Jellyfish identification guide and stinging treatment

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Jellyfish identification guide and stinging treatment
Identification guide and stinging
treatment for jellyfish and other
gelatinous organisms
COTYLORHIZA
PELAGIA
PELAGIA
PELAGIA
RHIZOSTOMA
RHIZOSTOMA
RHIZOSTOMA
Carybdea
marsupialis
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Pelagia
noctiluca
Rhizostoma
pulmo
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2013
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Cotylorhiza
tuberculata
Aurelia sp.
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AEQUOREA
RHIZOSTOMA LUTEUM
Chrysaora
hysoscella
Discomedusa
lobata
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AEQUOREA
AEQUOREA
RHIZOSTOMA LUTEUM
RHIZOSTOMA LUTEUM
Rhizostoma
luteum
Aequorea
forskalea
Other
gelatinous
Invasive
species
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Ve l e l l a
Porpita
velella
porpita
PHYSALIA
Olindias, Gonionemus,
Pandea
Physalia
physalis
A. Gennari 2013
Other jellyfish of the
Mediterranean
Technical card of Jellyfish
Cnidarians are a group of animals that include
jellyfish and other stinging gelatinous organisms,
which have specific cells called cnidocists that
are like microsyringes that inject toxic substances used for feeding and defence. Cnidocists are
distributed over the whole body of the jellyfish,
but are concentrated in the tentacles. The level of
toxicity for humans is different depending on the
jellyfish species. The majority of accidental contacts between humans and jellyfish occur during
bathing or with dead animals or with their tentacles in the beach. The toxic capacity remains for a
long time after the jellyfish dies.
In this guide, jellyfish are classified according to
the species-specific stinging capacity in the
following categories:
HIGH STINGING
STINGING
MILD STINGING
HARMLESS
1
General diagram
of a box jellyfish
Gastric cirri
Manubrium
Gonads
Pedalia canal
Rhopalia
Pedalia
Tentacle
Jellyfish Life Cycle
Jellyfish present different life cycles
depending on the species. The one
presented in this guide is the one that
corresponds to cubozoans.
1 Male and female mating
1
7
2 Released of fertilized egg into the water
2
column
3 Settlement of planulae larva on substrate
after ~2 days
4 Benthic polyp phase
5 New polyps budding from existing polyps
3
6
5
6 Polyp metamorphosing into juvenile medusa
7 Release of juvenile cubomedusa
Drawing adapted from
Studebaker, 1972
4
2
Je llyf ish that may occur in the
Spanish Me di te r rane an coas t
Carybdea marsupialis
Common name: Box jellyfish
Cube-shaped umbrella with 4 long tentacles. Transparent bluish
or whitish colour. Inhabit very shallow waters.
3
Umbrella up to 5 cm
HIGH STINGING
FREQUENT
Summer - Autumn
© FERDINANDO BOERO
Carybdea marsupialis
C. marsupialis is a box jellyfish, but its venom is not lethal. The
preferred environment for this species seems to be the sandy
substrate, and it swims over the bottom during the day moving
to the surface during the night. Its presence in certain areas of
the Spanish Mediterranean coast is very abundant.
4
Je llyf ish that may occur in the
Spanish Me di te r rane an coas t
Pelagia noctiluca
Common name: Mauve stinger
5
Umbrella diameter up to 20 cm
Pink-red colour. Hemispheric umbrella with 4 thick oral arms and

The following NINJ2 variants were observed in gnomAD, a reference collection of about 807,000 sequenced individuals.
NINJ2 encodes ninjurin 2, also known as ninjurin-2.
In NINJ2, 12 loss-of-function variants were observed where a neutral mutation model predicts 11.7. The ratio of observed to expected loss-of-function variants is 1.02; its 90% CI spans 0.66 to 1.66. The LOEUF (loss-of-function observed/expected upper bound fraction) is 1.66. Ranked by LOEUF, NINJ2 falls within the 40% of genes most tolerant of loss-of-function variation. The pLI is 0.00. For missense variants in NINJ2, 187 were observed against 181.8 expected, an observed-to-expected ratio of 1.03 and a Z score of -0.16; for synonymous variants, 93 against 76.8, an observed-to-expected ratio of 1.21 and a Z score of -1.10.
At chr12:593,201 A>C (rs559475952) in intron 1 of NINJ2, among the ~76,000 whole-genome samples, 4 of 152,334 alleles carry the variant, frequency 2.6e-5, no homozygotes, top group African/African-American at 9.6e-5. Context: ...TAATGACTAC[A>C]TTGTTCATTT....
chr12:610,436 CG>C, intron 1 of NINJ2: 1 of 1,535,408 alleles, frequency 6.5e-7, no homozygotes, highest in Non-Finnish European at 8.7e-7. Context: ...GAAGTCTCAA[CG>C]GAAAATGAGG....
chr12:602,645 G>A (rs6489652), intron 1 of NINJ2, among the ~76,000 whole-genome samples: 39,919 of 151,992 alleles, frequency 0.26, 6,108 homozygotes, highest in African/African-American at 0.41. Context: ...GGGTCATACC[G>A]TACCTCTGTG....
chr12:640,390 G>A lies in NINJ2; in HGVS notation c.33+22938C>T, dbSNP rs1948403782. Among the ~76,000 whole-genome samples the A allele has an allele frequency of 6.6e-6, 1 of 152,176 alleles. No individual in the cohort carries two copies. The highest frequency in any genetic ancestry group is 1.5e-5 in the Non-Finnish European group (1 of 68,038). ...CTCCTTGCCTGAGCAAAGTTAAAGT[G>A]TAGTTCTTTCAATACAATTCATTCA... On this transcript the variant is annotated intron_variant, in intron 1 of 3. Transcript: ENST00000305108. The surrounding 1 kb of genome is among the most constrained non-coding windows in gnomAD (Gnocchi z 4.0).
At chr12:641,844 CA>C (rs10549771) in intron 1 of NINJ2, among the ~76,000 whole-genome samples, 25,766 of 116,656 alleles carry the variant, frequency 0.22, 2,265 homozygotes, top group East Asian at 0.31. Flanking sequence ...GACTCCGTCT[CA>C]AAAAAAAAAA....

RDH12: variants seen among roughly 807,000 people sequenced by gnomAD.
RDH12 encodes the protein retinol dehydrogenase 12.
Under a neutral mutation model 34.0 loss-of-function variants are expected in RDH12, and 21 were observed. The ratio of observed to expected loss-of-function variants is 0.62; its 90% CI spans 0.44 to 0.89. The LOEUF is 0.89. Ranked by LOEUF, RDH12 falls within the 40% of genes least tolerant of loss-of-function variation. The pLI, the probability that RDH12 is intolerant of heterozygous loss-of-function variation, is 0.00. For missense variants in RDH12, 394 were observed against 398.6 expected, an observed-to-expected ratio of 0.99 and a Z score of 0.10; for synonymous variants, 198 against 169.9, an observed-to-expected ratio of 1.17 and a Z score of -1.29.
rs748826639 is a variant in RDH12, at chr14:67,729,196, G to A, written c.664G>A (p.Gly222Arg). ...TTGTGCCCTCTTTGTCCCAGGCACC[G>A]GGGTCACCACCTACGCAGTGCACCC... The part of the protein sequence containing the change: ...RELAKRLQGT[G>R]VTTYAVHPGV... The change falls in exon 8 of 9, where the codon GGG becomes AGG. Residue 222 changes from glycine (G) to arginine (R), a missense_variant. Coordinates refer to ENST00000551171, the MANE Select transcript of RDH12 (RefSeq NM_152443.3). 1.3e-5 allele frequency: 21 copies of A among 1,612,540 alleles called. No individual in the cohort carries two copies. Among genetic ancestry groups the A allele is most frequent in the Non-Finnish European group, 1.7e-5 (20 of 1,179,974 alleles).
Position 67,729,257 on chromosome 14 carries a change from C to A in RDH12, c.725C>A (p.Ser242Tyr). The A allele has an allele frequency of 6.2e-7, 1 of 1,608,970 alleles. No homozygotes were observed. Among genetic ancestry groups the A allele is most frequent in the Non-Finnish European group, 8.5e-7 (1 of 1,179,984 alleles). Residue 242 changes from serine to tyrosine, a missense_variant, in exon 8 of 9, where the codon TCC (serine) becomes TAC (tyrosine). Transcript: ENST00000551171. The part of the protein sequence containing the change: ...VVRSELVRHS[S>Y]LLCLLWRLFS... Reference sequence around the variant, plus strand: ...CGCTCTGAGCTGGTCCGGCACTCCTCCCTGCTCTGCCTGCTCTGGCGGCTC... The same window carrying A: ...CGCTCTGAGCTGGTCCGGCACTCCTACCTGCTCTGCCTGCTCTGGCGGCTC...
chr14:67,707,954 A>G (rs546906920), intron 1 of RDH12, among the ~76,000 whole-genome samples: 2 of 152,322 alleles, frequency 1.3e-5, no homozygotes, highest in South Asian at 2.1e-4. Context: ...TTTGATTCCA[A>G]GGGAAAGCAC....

8 marginal tentacles (up to 2 m length). The surface of the
umbrella is covered with brownish warts. Juveniles may be light
brown colour instead of pink.
HIGH STINGING
VERY FREQUENT
All-year round
PELAGIA
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Pelagia noctiluca
This species is considered one of the most abundant and
important in the western Mediterranean.
It is an oceanic species and its life cycle is completely
pelagic (without a polyp stage). Its presence in coastal
waters relies on environmental and climatological conditions. It is very frequent during spring and summer seasons, even though it can be present during the whole year.
It has bioluminescence and it is often accompanied by
juvenile fishes from the Carangidae family.
6
Je llyf ish that may occur in the
Spanish Me di te r rane an coas t
Rhizostoma pulmo
Common name: Barrel jellyfish
Umbrella diameter up to 40 cm
Bell-shaped umbrella, white-bluish colour with a violet border.
No marginal tentacles and 8 white-bluish and thick oral arms,
fused together with no branching.
7
STINGING
VERY FREQUENT
Spring - Summer - Autumn
RHIZOSTOMA
© S. PIRAINO
© A. OLARIAGA
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Rhizostoma pulmo
It is one of the biggest jellyfish along
the Spanish Mediterranean coast. The
small medusae are produced in spring
and the larger adults are more evident in summer and at the beginning
of autumn. It is considered a coastal
species, generally present at or near
the surface. It is usually accompanied
by crabs and juveniles fishes from the
Carangidae family.
8
Je llyf ish that may occur in the
Spanish Me di te r rane an coas t
Cotylorhiza tuberculata
Common name: Fried egg jellyfish
9
Umbrella diameter up to 35 cm
Flattened umbrella, brown-yellowish, with a large central protuberance in dark orange colour. Without marginal tentacles,
8 oral arms with 3 appendages at the end, button-shaped and
white or blue in colour.
MILD STINGING
VERY FREQUENT
End of summer - Autumn
COTYLORHIZA
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Cotylorhiza tuberculata
It is an endemic species of the
Mediterranean, coastal and with
preference for warmer waters.
The adults are more abundant at
the end of the summer and beginning of autumn. It is often accompanied by juvenile fishes from the
Carangidae family.
10
Je llyf ish that may occur in the